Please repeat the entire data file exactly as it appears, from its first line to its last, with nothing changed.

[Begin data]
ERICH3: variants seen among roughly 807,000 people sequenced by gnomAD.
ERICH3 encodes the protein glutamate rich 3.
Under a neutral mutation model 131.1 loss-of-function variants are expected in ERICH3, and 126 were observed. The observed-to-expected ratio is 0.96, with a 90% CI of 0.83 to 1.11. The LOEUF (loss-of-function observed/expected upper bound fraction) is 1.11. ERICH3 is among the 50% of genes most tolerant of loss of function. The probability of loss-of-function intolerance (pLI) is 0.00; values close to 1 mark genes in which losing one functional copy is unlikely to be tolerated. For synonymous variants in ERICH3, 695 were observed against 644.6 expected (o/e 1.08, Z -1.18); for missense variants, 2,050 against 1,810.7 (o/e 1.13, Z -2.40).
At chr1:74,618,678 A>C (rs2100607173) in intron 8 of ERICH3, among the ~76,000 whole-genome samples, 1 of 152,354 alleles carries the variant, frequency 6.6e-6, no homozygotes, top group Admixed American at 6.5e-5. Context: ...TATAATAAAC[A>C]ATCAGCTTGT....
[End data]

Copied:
ERICH3: variants seen among roughly 807,000 people sequenced by gnomAD.
ERICH3 encodes the protein glutamate rich 3.
Under a neutral mutation model 131.1 loss-of-function variants are expected in ERICH3, and 126 were observed. The observed-to-expected ratio is 0.96, with a 90% CI of 0.83 to 1.11. The LOEUF (loss-of-function observed/expected upper bound fraction) is 1.11. ERICH3 is among the 50% of genes most tolerant of loss of function. The probability of loss-of-function intolerance (pLI) is 0.00; values close to 1 mark genes in which losing one functional copy is unlikely to be tolerated. For synonymous variants in ERICH3, 695 were observed against 644.6 expected (o/e 1.08, Z -1.18); for missense variants, 2,050 against 1,810.7 (o/e 1.13, Z -2.40).
At chr1:74,618,678 A>C (rs2100607173) in intron 8 of ERICH3, among the ~76,000 whole-genome samples, 1 of 152,354 alleles carries the variant, frequency 6.6e-6, no homozygotes, top group Admixed American at 6.5e-5. Context: ...TATAATAAAC[A>C]ATCAGCTTGT....